Rockville / MD. (pf) The food culture and buying habits of affluent food shoppers (the 42 million grocery shoppers in the U.S. with household incomes of USD 150,000 or more) cause them to have a disproportionate impact on the bottom line of brick-and-mortar supermarkets and grocery stores. Affluent food shoppers are more prone than other food shoppers to shy away from conventional shelf-stable packaged foods and are more likely to spend their money and time on buying and experiencing higher margin store perimeter products and services.
In the market research report «Affluent Food Shoppers», Packaged Facts identifies four key ways that U.S. grocers can better attract and meet the needs of this important consumer segment.
1. Reflect the Values of the Natural Channel
Whether they actually shop in natural food stores or not, affluent food shoppers clearly reflect the food culture of the natural channel. This means grocers interested in expanding their affluent shopper base need to promote values such as fair trade, local sourcing, sustainably grown products, humane treatment of animals, and clean labeling. It also means carrying brands that align with the mindset of affluent food shoppers. For example, brands meeting the expectations of affluent food shoppers often have a philanthropic image and frequently characterize their ingredients and products with terms such as «honest,» «authentic,» «trusted,» «finest,» «freshest,» «natural,» «pure,» «real,» and «safe.»
2. Carry a Wide Range of Organic Fresh, Refrigerated, and Frozen Foods
Since affluent food shoppers are far more likely to buy organic fresh and frozen foods, stores need to provide a full range of options in this category. For example, data featured in the report reveals that affluent food shoppers are 40 percent more likely than food shoppers on average and even more likely than non-affluent food shoppers to use organic meat or poultry and frozen foods.
3. Give Affluent Food Shoppers More of the Center Store Products They Want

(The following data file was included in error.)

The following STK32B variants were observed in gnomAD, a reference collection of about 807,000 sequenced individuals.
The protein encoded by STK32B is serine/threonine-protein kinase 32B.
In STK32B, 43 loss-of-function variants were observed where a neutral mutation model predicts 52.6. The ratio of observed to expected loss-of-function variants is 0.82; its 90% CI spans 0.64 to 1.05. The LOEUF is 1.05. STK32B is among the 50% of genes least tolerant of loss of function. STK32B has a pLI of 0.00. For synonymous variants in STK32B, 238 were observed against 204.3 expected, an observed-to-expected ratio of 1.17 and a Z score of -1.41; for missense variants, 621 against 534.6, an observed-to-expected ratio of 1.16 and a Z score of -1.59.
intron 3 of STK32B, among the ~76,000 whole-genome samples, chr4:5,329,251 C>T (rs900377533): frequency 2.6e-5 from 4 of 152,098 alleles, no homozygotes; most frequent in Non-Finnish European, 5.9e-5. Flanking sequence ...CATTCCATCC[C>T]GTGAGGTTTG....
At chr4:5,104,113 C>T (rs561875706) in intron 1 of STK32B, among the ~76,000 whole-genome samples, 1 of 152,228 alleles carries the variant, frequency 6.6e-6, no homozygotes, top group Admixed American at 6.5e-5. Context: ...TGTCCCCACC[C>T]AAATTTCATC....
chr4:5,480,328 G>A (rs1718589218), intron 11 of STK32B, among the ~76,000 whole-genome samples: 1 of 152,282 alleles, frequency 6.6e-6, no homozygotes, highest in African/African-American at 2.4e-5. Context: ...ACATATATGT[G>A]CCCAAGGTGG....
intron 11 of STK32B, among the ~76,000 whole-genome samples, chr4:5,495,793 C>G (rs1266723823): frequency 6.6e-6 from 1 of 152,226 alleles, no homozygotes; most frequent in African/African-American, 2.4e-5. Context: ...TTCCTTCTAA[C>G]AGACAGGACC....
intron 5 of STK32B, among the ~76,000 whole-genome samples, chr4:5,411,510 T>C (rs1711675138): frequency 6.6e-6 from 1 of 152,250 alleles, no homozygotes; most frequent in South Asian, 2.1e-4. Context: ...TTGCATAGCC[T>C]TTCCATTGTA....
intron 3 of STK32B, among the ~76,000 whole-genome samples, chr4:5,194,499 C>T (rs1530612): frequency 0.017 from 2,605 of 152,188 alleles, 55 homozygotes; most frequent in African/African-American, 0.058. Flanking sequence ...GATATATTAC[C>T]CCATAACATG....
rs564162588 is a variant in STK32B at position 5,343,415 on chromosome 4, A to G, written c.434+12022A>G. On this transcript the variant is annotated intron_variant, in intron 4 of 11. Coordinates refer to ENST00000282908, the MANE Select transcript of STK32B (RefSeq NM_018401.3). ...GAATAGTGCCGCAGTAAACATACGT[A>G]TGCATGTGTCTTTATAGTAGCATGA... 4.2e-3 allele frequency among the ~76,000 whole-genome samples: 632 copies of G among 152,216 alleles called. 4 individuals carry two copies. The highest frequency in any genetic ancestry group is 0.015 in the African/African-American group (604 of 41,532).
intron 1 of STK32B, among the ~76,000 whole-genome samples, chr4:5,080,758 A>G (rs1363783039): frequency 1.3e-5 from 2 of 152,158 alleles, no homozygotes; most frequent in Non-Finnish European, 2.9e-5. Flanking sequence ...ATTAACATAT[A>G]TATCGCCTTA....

In many ways, affluent food shoppers are just as likely as food shoppers on average to use a wide variety of condiments, such as ketchup, mustard, dry mix salad dressing, marinades, and spaghetti/pasta sauce. A number of shelf-stable packaged foods are much less likely to gain the attention of affluent food shoppers, such as packaged instant potatoes, canned chili, shelf-to-microwave dinners, and canned spaghetti. However, affluent food shoppers are just as likely as food shoppers on average to buy items such as packaged pasta, rice and rice dishes, canned or packaged soup, cold and hot breakfast cereals, and canned tomatoes.
Still, grocers need to respond to the fact that the center store choices of affluent food shoppers stand apart in two ways. First, when affluent food shoppers do buy shelf-stable foods, they have a high propensity to select brands other than popular national brands. Many of these are likely to be those often found in stores in the natural channel.
Moreover, they are much more prone to use a wide range of organic shelf-stable foods. For example, affluent food shoppers are 25 percent more likely to use organic breakfast cereal and 34 percent more likely to use organic pasta.
4. Take Steps to Improve Foodservice Options
Grocery stores face stiff competition for affluent food shopper dollars from restaurants and meal delivery services. Affluent food shoppers are far more likely than their non-affluent counterparts to agree with the statement «I often go out to eat because my life is too hectic to put a meal on the table every night» or to have ever used a restaurant meal delivery service such as Grubhub or Uber Eats.
Highly affluent food shoppers are especially likely to avoid cooking at home and shopping. Yet, data indicates that affluent food shoppers currently exhibit relatively lukewarm interest in the prepared food choices they currently find in their supermarkets and grocery stores. Affluent food shoppers are somewhat less likely than their non-affluent counterparts to agree they often eat store-made meals. Likewise, affluent food shoppers are somewhat less likely to buy prepackaged store-made meals, although they are somewhat more likely to use in-store cafes.
The Market Bistro concept store of Schenectady, New York-based Price Chopper provides one example of how supermarket chains are attempting to continuously improve the quality and desirability of their in-store foodservice offerings. The store includes a full-service sit-down restaurant as well as individually branded foodservice stations. The company transfers menu items to its Price Chopper and Market 32 stores when they have proven to be suitable for expansion.
Other grocers are bringing in established small local or specialty restaurant brands to diversify their foodservice options. Examples include Kroger Co. – which has partnered with a number of small restaurant brands – and Rouses (based in Thibodaux, Louisiana), which has installed a branded Asian stir-fry operation in some of its stores.